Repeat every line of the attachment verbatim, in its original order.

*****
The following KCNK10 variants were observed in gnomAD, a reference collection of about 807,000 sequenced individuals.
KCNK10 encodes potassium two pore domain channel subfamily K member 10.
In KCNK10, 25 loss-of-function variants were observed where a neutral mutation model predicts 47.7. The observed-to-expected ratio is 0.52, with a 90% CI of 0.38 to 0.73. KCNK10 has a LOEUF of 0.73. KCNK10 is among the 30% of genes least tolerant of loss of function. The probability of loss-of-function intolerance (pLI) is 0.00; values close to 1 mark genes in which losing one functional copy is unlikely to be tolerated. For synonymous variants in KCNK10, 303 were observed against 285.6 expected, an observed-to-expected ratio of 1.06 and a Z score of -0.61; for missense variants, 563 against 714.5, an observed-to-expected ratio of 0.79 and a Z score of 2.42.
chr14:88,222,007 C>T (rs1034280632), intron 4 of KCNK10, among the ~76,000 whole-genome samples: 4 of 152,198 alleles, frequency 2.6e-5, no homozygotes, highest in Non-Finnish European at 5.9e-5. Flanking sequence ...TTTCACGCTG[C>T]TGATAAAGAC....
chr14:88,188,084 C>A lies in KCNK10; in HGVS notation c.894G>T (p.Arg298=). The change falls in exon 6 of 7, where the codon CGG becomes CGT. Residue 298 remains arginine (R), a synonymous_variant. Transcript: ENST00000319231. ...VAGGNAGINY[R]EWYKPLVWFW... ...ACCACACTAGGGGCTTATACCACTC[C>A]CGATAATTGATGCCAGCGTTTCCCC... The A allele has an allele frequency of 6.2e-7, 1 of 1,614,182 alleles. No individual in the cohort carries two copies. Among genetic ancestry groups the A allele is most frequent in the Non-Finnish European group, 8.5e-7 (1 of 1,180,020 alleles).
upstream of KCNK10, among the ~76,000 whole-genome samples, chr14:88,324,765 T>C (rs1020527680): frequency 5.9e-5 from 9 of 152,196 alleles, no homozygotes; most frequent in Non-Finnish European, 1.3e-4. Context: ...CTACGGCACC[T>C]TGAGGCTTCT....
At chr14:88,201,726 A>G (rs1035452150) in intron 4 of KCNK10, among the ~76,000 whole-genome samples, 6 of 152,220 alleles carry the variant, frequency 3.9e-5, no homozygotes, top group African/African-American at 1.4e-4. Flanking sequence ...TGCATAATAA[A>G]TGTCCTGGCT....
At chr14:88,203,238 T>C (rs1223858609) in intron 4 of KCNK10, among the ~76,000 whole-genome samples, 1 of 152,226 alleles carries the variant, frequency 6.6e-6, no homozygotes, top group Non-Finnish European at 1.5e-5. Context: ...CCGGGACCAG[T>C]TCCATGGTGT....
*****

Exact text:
The following KCNK10 variants were observed in gnomAD, a reference collection of about 807,000 sequenced individuals.
KCNK10 encodes potassium two pore domain channel subfamily K member 10.
In KCNK10, 25 loss-of-function variants were observed where a neutral mutation model predicts 47.7. The observed-to-expected ratio is 0.52, with a 90% CI of 0.38 to 0.73. KCNK10 has a LOEUF of 0.73. KCNK10 is among the 30% of genes least tolerant of loss of function. The probability of loss-of-function intolerance (pLI) is 0.00; values close to 1 mark genes in which losing one functional copy is unlikely to be tolerated. For synonymous variants in KCNK10, 303 were observed against 285.6 expected, an observed-to-expected ratio of 1.06 and a Z score of -0.61; for missense variants, 563 against 714.5, an observed-to-expected ratio of 0.79 and a Z score of 2.42.
chr14:88,222,007 C>T (rs1034280632), intron 4 of KCNK10, among the ~76,000 whole-genome samples: 4 of 152,198 alleles, frequency 2.6e-5, no homozygotes, highest in Non-Finnish European at 5.9e-5. Flanking sequence ...TTTCACGCTG[C>T]TGATAAAGAC....
chr14:88,188,084 C>A lies in KCNK10; in HGVS notation c.894G>T (p.Arg298=). The change falls in exon 6 of 7, where the codon CGG becomes CGT. Residue 298 remains arginine (R), a synonymous_variant. Transcript: ENST00000319231. ...VAGGNAGINY[R]EWYKPLVWFW... ...ACCACACTAGGGGCTTATACCACTC[C>A]CGATAATTGATGCCAGCGTTTCCCC... The A allele has an allele frequency of 6.2e-7, 1 of 1,614,182 alleles. No individual in the cohort carries two copies. Among genetic ancestry groups the A allele is most frequent in the Non-Finnish European group, 8.5e-7 (1 of 1,180,020 alleles).
upstream of KCNK10, among the ~76,000 whole-genome samples, chr14:88,324,765 T>C (rs1020527680): frequency 5.9e-5 from 9 of 152,196 alleles, no homozygotes; most frequent in Non-Finnish European, 1.3e-4. Context: ...CTACGGCACC[T>C]TGAGGCTTCT....
At chr14:88,201,726 A>G (rs1035452150) in intron 4 of KCNK10, among the ~76,000 whole-genome samples, 6 of 152,220 alleles carry the variant, frequency 3.9e-5, no homozygotes, top group African/African-American at 1.4e-4. Flanking sequence ...TGCATAATAA[A>G]TGTCCTGGCT....
At chr14:88,203,238 T>C (rs1223858609) in intron 4 of KCNK10, among the ~76,000 whole-genome samples, 1 of 152,226 alleles carries the variant, frequency 6.6e-6, no homozygotes, top group Non-Finnish European at 1.5e-5. Context: ...CCGGGACCAG[T>C]TCCATGGTGT....